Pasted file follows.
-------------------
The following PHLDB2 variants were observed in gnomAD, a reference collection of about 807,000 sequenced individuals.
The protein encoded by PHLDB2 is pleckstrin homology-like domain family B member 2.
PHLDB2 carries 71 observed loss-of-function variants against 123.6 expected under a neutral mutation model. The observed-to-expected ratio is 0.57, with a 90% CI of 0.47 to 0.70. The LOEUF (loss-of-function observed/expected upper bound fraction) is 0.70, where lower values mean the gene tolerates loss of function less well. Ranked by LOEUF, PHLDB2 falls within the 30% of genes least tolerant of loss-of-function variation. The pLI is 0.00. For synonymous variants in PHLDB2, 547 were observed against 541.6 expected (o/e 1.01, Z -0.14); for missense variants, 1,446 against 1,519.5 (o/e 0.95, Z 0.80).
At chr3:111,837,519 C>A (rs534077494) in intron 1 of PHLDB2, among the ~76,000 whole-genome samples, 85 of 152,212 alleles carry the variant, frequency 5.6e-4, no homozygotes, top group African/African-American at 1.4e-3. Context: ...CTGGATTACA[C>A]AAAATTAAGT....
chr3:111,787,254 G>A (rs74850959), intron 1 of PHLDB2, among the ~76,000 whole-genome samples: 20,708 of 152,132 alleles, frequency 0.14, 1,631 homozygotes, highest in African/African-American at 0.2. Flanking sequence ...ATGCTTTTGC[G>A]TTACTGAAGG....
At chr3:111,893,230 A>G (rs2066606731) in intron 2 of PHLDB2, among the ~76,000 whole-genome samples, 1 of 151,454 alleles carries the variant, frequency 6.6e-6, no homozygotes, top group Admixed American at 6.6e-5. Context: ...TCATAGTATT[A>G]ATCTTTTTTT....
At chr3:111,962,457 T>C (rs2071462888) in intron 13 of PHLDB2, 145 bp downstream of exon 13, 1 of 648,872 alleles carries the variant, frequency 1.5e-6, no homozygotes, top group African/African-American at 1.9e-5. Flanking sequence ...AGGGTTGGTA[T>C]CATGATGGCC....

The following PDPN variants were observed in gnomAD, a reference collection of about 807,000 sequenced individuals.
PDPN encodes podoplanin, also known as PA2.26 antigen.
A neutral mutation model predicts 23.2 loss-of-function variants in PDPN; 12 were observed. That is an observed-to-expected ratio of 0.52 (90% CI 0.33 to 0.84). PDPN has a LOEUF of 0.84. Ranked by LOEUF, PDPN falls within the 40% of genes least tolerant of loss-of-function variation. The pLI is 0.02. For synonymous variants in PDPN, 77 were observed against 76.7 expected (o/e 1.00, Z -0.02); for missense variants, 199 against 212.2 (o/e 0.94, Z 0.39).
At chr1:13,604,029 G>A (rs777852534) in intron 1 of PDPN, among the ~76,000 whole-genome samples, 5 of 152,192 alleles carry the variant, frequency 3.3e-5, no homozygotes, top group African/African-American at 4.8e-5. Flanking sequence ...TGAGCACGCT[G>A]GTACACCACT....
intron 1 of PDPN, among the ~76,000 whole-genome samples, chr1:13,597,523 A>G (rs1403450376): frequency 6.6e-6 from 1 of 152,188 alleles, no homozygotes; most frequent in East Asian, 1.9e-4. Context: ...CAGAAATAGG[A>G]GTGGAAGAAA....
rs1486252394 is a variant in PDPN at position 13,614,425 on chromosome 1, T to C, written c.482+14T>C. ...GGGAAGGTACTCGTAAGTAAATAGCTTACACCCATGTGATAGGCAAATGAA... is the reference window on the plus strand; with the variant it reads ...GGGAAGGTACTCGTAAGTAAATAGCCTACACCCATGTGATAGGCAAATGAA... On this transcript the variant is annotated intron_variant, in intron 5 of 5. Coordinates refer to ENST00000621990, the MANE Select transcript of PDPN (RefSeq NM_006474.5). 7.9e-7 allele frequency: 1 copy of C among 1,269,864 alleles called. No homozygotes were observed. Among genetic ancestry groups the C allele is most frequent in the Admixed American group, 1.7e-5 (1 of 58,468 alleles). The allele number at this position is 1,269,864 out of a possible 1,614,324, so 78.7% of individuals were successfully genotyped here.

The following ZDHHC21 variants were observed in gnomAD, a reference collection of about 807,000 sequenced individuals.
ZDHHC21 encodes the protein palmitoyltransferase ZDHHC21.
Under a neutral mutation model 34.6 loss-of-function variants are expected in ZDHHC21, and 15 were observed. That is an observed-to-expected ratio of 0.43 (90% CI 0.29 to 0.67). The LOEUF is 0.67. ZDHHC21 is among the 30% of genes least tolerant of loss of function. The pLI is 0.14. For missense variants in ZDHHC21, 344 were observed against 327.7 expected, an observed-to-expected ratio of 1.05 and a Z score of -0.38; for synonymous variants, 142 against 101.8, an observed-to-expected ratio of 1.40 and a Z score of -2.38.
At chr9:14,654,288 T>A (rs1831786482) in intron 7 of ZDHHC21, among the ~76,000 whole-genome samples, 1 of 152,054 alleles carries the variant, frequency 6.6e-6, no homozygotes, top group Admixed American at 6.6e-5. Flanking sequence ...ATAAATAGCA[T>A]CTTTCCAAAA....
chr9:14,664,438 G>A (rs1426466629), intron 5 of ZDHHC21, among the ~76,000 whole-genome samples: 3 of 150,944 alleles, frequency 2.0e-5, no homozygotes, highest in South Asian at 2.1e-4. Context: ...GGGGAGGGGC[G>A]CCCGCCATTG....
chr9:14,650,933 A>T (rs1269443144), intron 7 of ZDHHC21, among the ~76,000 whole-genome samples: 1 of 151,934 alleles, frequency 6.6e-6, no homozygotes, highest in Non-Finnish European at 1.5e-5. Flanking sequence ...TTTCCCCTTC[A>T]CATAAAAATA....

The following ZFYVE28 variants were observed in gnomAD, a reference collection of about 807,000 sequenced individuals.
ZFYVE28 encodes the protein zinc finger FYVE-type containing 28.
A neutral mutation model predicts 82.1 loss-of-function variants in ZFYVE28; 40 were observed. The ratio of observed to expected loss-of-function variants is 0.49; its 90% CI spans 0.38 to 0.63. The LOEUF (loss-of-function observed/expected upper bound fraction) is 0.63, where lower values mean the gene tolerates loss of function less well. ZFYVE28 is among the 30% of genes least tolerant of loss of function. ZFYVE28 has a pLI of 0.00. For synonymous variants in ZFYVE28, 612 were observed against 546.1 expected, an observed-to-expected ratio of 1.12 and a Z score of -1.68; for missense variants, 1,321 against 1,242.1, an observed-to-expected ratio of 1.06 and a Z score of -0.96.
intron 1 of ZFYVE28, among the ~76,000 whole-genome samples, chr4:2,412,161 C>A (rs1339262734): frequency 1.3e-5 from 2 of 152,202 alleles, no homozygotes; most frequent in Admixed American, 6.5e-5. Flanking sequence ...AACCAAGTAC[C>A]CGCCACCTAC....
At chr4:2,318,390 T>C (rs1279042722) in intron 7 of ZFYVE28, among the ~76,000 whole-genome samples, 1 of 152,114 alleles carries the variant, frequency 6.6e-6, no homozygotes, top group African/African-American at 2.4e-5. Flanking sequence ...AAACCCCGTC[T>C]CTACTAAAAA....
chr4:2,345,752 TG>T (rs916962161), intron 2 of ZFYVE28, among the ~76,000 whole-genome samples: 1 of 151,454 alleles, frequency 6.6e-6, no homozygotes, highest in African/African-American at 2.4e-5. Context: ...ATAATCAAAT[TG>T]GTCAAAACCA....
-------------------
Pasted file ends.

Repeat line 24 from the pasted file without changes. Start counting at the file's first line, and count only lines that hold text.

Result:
At chr4:2,318,390 T>C (rs1279042722) in intron 7 of ZFYVE28, among the ~76,000 whole-genome samples, 1 of 152,114 alleles carries the variant, frequency 6.6e-6, no homozygotes, top group African/African-American at 2.4e-5. Flanking sequence ...AAACCCCGTC[T>C]CTACTAAAAA....